It say exactly in what it can change and under what rules. He applies the rules that applies to the cited spells. So the whole polymorph paragraph of the magic chapter.


thaX wrote:


Regeneration wrote:


Certain attack forms, typically fire and acid, cause a creature's regeneration to stop functioning on the round following the attack. During this round, the creature does not heal any damage and can die normally. The creature's descriptive text describes the types of damage that cause the regeneration to cease functioning.
where does it say that it needs to damage the creature?

In the text you quoted.

The creature's descriptive text describes the types of damage that cause the regeneration to cease functioning.

Damage, of a certain type, is required to stop the regeneration.


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Diego Rossi wrote:
_Ozy_ wrote:

Depends if this part of the polymorph section:

Quote:
While under the effects of a polymorph spell, you lose all extraordinary and supernatural abilities that depend on your original form

would apply, or whether:

Quote:

Change Shape (Su)

A creature with this special quality has the ability to assume the appearance of a specific creature or type of creature (usually a humanoid), but retains most of its own physical qualities.

overrides that portion of the polymorph description.

Not sure myself.

No, it don't override the polymorph description, look the SQ:

PRD wrote:


SQ change shape (humanoid or giant, alter self or giant form I)

It say exactly in what it can change and under what rules. He applies the rules that applies to the cited spells. So the whole polymorph paragraph of the magic chapter.

The specific description of change shape (retains its own qualities) overrides the general rules of polymorph (loses its own qualities). Thats how the rules of Pathfinder work.


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Change Shape wrote:
This ability functions as a polymorph spell, the type of which is listed in the creature’s description, but the creature does not adjust its ability scores (although it gains any other abilities of the creature it mimics). Unless otherwise stated, it can remain in an alternate form indefinitely. Some creatures, such as lycanthropes, can transform into unique forms with special modifiers and abilities. These creatures do adjust their ability scores, as noted in their descriptions.

There is the rest of the ability. It functions as a polymorph spell, but the creature retains its ability scores unless noted otherwise.


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Mairn,

1) There is nothing in the Bestiary that states immunity to an energy type is a quality.

2) There is nothing in the Polymorph description that states lost physical abilities are qualities.

So all you are left with is any Special Qualities or abilities that define themselves as qualities. None of which are Immunity to Fire.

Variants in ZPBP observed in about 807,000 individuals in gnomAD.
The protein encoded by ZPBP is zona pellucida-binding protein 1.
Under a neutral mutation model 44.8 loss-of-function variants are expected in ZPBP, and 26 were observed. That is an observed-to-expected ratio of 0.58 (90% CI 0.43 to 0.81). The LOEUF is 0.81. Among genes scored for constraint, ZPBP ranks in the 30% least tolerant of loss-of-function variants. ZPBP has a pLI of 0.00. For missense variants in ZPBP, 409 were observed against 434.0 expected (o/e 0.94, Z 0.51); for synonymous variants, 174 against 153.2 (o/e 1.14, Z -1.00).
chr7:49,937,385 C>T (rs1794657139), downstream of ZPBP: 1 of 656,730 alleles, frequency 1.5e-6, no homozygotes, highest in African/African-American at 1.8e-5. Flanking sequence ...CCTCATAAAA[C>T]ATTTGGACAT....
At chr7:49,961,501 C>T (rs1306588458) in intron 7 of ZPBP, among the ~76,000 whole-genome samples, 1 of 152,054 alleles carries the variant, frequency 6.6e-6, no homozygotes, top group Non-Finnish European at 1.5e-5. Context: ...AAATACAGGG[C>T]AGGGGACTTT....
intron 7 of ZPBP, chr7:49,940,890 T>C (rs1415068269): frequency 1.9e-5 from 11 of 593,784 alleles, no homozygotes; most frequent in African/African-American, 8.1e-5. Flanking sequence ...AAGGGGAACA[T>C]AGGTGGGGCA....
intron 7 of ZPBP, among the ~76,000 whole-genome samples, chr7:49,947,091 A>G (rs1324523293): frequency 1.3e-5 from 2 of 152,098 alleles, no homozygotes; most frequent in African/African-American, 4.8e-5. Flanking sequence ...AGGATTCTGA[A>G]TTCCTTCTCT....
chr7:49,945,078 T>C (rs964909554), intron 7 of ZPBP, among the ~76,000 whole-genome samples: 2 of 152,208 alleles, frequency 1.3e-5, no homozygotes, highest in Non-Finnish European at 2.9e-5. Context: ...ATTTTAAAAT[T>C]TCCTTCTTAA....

Summary: An Efreeti using Shape Change loses Immunity to Fire because it is not a physical quality but it is a physical ability and physical abilities are lost as per the Polymorph school.

Edit: an example of a physical quality that would be kept: Damage Reduction. This is because Damage Reduction (Bestiary p299) calls itself a quality.

Funny bit: (energy) Resistance (Bestiary p303) calls itself a quality while (energy) Immunity (Bestiary p301) does not.

Liberty's Edge

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Pathfinder Adventure, Adventure Path, Companion, Lost Omens, Rulebook Subscriber
Mairn wrote:
Diego Rossi wrote:
_Ozy_ wrote:

Depends if this part of the polymorph section:

Quote:
While under the effects of a polymorph spell, you lose all extraordinary and supernatural abilities that depend on your original form

would apply, or whether:

Quote:

Change Shape (Su)

A creature with this special quality has the ability to assume the appearance of a specific creature or type of creature (usually a humanoid), but retains most of its own physical qualities.

overrides that portion of the polymorph description.

Not sure myself.

No, it don't override the polymorph description, look the SQ:

PRD wrote:


SQ change shape (humanoid or giant, alter self or giant form I)

It say exactly in what it can change and under what rules. He applies the rules that applies to the cited spells. So the whole polymorph paragraph of the magic chapter.

The specific description of change shape (retains its own qualities) overrides the general rules of polymorph (loses its own qualities). Thats how the rules of Pathfinder work.

+

Read the ability description:

PRD wrote:

Change Shape (Su) A creature with this special quality has the ability to assume the appearance of a specific creature or type of creature (usually a humanoid), but retains most of its own physical qualities. A creature cannot change shape to a form more than one size category smaller or larger than its original form. This ability functions as a polymorph spell, the type of which is listed in the creature's description, but the creature does not adjust its ability scores (although it gains any other abilities of the creature it mimics). Unless otherwise stated, it can remain in an alternate form indefinitely. Some creatures, such as lycanthropes, can transform into unique forms with special modifiers and abilities. These creatures do adjust their ability scores, as noted in their description.

Format: change shape (wolf, beast form I); Location: SQ, and in special abilities for creatures with a unique listing.